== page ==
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Friday, March 6, 2015 |  Madison, WI: 29.0° F  A Few Clouds
The Daily


UW student Colin Tucker balances snowboards and books

Balance. This is the key to Colin Tucker's pursuit of a pro snowboarding career while working toward an undergraduate degree in legal studies from UW-Madison. Balance is essential to his competition results but also to chasing twin ambitions -- one academic, the other sporting -- at the same time. >More
 Skate with the Badger women's hockey team at Vilas Park on Sunday

Both the US College Hockey Online and USA Today/USA Hockey Magazine polls rank the University of Wisconsin women's hockey team first in the nation this week, with 18 wins and two losses overall. The Badger women also lead the WCHA with 36 points at 12-2. They are, in short, the hottest team on campus. Care to skate with them? >More
 Madison Bike Winter plans city's first Santa Cycle Rampage

Aaron Crandall, the principal organizer, admits the inaugural edition may prove a modest debut thanks to a late start in pulling things together and getting the word out. But if he would be happy with a turnout of 15 riders for this year's Madison debut, he notes that similar events in Chicago and Milwaukee have grown to include hundreds of cyclists dressed as Santa. >More
 Get your sled on! Madison's hills officially open for winter

Laura Whitmore, the community-relations coordinator for Madison Parks, notes the city has already started making snow to help cover the sledding hill at Elver Park -- both the gold standard and the ne plus ultra among sledding hills in city parks. >More
 The Arboretum's new I-Map is a customizable guide

Its capacity, potential and versatility are evident from the moment you log on to the UW Arboretum's new interactive map. Still in its infancy following its November debut, it is already loaded with so many features that even the most jaded Arboretum visitor may discover something new. >More
 Madison Bike Winter invites cyclists to come out into the cold

Bike Winter was conceived in Chicago circa 1999, as a grass-roots means to build a network for winter bicyclists. The initiative was built on ideas and events that might help Windy City cyclists develop an esprit de corps. It has since spread to Milwaukee and now to Madison, explains Aaron Crandall, one of the driving forces behind the nascent colony here. >More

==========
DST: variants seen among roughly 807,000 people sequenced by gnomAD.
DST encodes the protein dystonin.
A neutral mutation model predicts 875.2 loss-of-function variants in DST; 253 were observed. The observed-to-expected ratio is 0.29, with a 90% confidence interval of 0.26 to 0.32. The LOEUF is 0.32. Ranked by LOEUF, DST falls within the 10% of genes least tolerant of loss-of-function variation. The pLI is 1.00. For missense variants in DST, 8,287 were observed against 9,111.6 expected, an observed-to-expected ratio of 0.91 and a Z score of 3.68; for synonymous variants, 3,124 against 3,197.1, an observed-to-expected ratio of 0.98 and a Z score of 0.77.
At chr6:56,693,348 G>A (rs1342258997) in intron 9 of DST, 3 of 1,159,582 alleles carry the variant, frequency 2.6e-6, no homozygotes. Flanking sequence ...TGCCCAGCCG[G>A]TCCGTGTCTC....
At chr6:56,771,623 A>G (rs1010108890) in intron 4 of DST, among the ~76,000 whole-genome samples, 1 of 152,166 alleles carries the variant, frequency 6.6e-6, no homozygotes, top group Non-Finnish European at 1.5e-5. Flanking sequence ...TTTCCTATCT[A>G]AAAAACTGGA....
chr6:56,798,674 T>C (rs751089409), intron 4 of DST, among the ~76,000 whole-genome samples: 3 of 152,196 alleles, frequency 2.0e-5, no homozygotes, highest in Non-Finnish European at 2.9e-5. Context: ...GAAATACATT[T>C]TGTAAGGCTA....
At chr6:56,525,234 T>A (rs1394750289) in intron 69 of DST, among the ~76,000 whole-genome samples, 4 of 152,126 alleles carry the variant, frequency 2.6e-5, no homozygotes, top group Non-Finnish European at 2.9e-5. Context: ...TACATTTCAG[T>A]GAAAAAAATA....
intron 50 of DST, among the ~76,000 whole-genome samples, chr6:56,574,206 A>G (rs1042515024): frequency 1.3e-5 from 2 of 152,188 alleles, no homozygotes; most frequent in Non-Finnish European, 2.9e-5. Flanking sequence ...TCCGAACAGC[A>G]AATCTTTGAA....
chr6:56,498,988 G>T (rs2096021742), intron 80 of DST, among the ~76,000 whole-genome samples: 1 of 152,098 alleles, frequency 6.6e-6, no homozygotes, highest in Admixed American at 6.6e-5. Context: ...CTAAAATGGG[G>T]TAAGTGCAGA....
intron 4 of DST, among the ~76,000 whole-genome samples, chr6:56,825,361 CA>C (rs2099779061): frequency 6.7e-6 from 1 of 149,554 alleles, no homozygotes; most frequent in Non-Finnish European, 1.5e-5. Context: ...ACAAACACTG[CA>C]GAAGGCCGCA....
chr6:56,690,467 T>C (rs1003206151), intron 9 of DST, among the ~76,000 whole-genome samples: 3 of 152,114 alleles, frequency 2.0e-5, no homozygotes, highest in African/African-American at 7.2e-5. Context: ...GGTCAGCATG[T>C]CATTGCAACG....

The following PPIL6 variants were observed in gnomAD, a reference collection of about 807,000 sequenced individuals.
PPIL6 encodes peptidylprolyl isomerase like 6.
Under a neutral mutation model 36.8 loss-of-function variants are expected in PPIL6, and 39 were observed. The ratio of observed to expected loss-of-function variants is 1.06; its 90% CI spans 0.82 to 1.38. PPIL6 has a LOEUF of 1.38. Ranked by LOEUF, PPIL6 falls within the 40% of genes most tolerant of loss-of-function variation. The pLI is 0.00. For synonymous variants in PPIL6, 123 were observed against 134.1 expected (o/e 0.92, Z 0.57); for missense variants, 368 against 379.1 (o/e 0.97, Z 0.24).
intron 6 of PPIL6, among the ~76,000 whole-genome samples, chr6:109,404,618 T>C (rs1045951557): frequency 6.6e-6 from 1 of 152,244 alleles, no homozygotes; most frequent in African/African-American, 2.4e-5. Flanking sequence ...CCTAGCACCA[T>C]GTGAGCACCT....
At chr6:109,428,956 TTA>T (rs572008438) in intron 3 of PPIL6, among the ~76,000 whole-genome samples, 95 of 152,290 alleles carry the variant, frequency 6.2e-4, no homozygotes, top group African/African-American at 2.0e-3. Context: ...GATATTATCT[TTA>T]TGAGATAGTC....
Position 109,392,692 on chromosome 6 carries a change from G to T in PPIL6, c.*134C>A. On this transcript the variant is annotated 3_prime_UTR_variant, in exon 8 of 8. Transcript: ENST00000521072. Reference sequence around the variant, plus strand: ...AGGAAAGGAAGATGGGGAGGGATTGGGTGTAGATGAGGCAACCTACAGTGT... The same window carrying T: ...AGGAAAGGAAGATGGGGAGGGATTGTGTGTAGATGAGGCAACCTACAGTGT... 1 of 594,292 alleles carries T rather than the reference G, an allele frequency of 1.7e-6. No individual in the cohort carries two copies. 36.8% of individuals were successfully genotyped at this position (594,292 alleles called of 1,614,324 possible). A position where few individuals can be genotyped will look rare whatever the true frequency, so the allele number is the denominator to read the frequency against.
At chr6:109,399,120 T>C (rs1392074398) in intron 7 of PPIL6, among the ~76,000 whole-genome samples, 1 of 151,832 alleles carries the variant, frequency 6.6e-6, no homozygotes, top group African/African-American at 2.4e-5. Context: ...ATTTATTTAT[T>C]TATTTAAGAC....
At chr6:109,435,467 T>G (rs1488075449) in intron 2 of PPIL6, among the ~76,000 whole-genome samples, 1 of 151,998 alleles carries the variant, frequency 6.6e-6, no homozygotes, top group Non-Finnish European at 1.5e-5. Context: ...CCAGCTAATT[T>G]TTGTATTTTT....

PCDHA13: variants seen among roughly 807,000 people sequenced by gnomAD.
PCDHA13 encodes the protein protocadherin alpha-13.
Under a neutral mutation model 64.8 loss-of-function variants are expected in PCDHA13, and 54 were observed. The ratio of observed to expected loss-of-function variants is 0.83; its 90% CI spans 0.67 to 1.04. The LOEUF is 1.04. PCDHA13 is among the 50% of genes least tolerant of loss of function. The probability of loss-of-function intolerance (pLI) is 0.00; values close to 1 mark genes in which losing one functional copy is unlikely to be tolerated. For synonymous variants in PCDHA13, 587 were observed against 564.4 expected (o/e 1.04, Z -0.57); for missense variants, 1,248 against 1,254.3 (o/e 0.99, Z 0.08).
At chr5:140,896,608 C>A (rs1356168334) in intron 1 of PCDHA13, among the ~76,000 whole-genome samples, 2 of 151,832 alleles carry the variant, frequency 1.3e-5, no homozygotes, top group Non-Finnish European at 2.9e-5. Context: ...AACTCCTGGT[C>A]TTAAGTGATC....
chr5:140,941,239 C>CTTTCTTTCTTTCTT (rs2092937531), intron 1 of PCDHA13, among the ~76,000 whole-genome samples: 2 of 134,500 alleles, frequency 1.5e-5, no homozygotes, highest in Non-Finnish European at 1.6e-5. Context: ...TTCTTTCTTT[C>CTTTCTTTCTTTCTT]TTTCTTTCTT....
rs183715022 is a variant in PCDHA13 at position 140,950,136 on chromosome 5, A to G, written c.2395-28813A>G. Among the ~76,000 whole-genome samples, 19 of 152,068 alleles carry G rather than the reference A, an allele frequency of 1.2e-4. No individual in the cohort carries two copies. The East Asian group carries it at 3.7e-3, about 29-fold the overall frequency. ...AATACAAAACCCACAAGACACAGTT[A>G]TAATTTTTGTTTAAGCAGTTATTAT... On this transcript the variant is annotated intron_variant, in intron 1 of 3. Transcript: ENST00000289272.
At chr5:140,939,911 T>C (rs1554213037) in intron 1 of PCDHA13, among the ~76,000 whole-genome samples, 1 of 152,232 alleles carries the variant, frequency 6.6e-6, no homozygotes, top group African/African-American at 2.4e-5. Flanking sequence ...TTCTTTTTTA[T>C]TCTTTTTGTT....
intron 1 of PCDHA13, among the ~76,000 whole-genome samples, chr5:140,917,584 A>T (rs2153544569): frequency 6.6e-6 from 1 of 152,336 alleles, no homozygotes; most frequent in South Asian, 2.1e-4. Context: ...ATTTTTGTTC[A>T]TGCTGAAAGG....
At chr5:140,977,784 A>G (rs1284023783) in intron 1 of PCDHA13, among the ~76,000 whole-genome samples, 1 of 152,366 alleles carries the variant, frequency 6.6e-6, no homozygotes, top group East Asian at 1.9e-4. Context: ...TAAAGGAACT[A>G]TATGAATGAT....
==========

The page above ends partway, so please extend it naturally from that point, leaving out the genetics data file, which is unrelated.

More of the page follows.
Don't Kill the Messenger 2 alley cat bike race brings 'All Out Warfare' to Madison

The alley cat is back. No, not that stray tabby that's been hanging around your garbage can, but one of the best ways to spend a night on a bike. The organizers behind the Don't Kill the Messenger alley cat race this past April have put together another event for the Madison bicycling community in November. >More
 All the way to Merrimac

In general, the footing is good in a new mile-long section of the Ice Age Trail north of Lodi. But there are stretches where you need to watch your step. Doing so directs your attention to all the effort that has gone into establishing this extension of the trail's Gibraltar segment. You can see the work underfoot. One month after its establishment, the tamped-down soil still emits the faint aroma of fresh earthworks, as if to beckon more hikers whose boots will season this path into greater permanence. >More
 Colorful announcer Phil Liggett headlines Saris benefit

"He's in a spot of bother now!" "He's wearing the mask of pain!" "He's riding like he has four legs!" "He's reaching deep into his suitcase of courage!" Phil Liggett is known for exclamations like these. They are Liggettisms, uttered by the veteran British cycling commentator across decades of Tour de France broadcasts. They have inspired a Facebook page, been collected in the book Dancing on the Pedals: The Found Poetry of Phil Liggett, the Voice of Cycling, and earned him a vast, devoted following. He continues to mint fresh Liggettisms almost every time he is near a microphone. >More
 Madison landmarks inspire bike names at Trek and Schwinn

After the precise and intricate task of engineering a brand-new bicycle is finished, manufacturers are faced with a task that could be more daunting: naming it. And in an industry where marketing and identity can mean the difference between success and failure, a name, although not the only factor, can play a big part. >More
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